||Maud (Normandie) de Anjou was a member of aristocracy in the British Isles.|
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♦ From 1114: Matilda alias "Maud" or "Maude" at first marriage
|Titles:||♦ 07 Jan 1114 - May 1125: Empress of Germany|
♦ 07 Apr - 01 Nov 1141: Lady of the English
|Born:||1101 / Gregorian: 1102 Winchester or Sutton Courtenay, Oxfordshire|
|Parents:||Henry I and Matilda of Scotland|
|Siblings:||♦ William Adelin (d. 25 Nov 1120 White Ship Disaster, age 17); and 2 more legitimate.|
♦ at least 25 illegitimate
|M1:||07 Jan 1114: Heinreich V (1081-1125), emperor of Germany|
♦ No issue.
|M2:||22 May 1128: Geoffrey, count of Anjou and Maine|
♦ son and heir: Henry I, founder of the House of Plantagenet; and 2 more sons.
|Death:||♦ 10 Sep 1167: Abbey of Notre, Rouen. Age 65.|
Born in 1102 to Henry I and Matilda of Scotland, Adelaide took the name Matilda ("Maud(e)" at the time of her first marriage.. It's commonly thought she was born at Winchester, but she may have been born in London, or the palace at Sutton Courtenay in Oxfordshire.
Her maternal grandparents were Malcolm III of Scotland and [saint] Margaret of Wessex. Margaret's father was Edward the Exile, son and successor of Edmund II of England.
While she had three natural siblings and at least another 25 illegitimate siblings, Matilda and her younger brother William Adelin were the only surviving, direct contenders to the throne. But after seventeen-year-old William died in the White Ship disaster, Matilda became the sole heir.
Typical of the times, her first marriage was political. Betrothed on 10 April 1110, she married the 32-year-old Henry V, Holy Roman Emperor on the 7th of January in 1114 at the age of twelve. She was crowned... but unfortunately, it wasn't by the pope.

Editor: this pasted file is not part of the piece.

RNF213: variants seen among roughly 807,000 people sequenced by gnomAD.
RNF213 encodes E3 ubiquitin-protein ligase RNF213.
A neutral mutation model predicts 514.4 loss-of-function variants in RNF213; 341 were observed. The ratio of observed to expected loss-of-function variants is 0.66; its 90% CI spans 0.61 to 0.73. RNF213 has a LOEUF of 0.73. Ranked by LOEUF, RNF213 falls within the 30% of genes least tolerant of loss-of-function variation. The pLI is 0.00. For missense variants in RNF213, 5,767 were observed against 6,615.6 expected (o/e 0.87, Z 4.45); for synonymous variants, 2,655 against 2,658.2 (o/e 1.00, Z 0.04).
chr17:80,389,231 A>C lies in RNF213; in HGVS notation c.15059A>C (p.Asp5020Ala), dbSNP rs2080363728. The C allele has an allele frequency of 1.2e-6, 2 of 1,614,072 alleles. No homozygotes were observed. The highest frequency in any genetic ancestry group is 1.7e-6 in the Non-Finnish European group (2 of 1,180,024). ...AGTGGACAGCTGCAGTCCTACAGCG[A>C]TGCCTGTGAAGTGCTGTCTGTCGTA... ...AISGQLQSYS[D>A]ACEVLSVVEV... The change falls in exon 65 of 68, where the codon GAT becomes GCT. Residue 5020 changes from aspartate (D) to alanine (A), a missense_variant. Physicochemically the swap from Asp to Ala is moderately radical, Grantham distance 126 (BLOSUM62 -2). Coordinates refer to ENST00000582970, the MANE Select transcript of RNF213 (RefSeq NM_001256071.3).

On the Pentecost of May 13th, 1117, the honors were done in Rome by an excommunicated member of the clergy ... the future Antipope, archbishop of Braga, Maurice Bourdin.  Maude, "later claimed to have been crowned twice," and managed to convince Norman chroniclers that the pope actually took part.
In any case, Matilda was still, "anointed queen at her husband's coronation by Pope Paschal in 1111." Even after Henry died in 1125, leaving her childless, the title of Empress continued to hold some weight at the English court. Official records address her, "regina Romanorum."
Henry I and his second wife had no issue, so Matilda was the next option for dynastic continuity. After the barons pledged support, Henry arranged her second marriage to the 13-year-old Geoffrey of Anjou and Maine. She was twenty-five.
Once Matilda's half brother Robert, Earl of Gloucester, rebelled against Stephen, war broke out in 1136. Matilda arrived in England in 1139 and after a series of battles, Stephen was caught February 1141 at the Battle of Lincoln.
During the summer of 1141, Maud almost tasted success. With Stephen out of the way, she was now "lady of the English." ... Only to turn around and blow it.
That June, she rode into London with a bad attitude ... demanding money. It incensed the public and her coronation was met with angry town folk. She fled to Oxford with no crown.
Meanwhile... Stephen's wife hit the ground with an army from France. They caught the Earl of Gloucester, later ransomed in exchange for Stephen. Matilda escaped but her forces were routed at Winchester in September 1141. Thereafter she maintained a weak resistance out west.
In 1148, after the death of her half-brother, Matilda left her son (Henry II) behind and returned to Normandy. She died at Notre Dame du Pré near Rouen on 10 September 1169, and was buried in Fontevrault Abbey. Her remains were moved to Rouen Cathedral in 1847.
Matilda's epitaph reads: "Great by Birth, Greater by Marriage, Greatest in her Offspring: Here lies Matilda, the daughter, wife, and mother of Henry."
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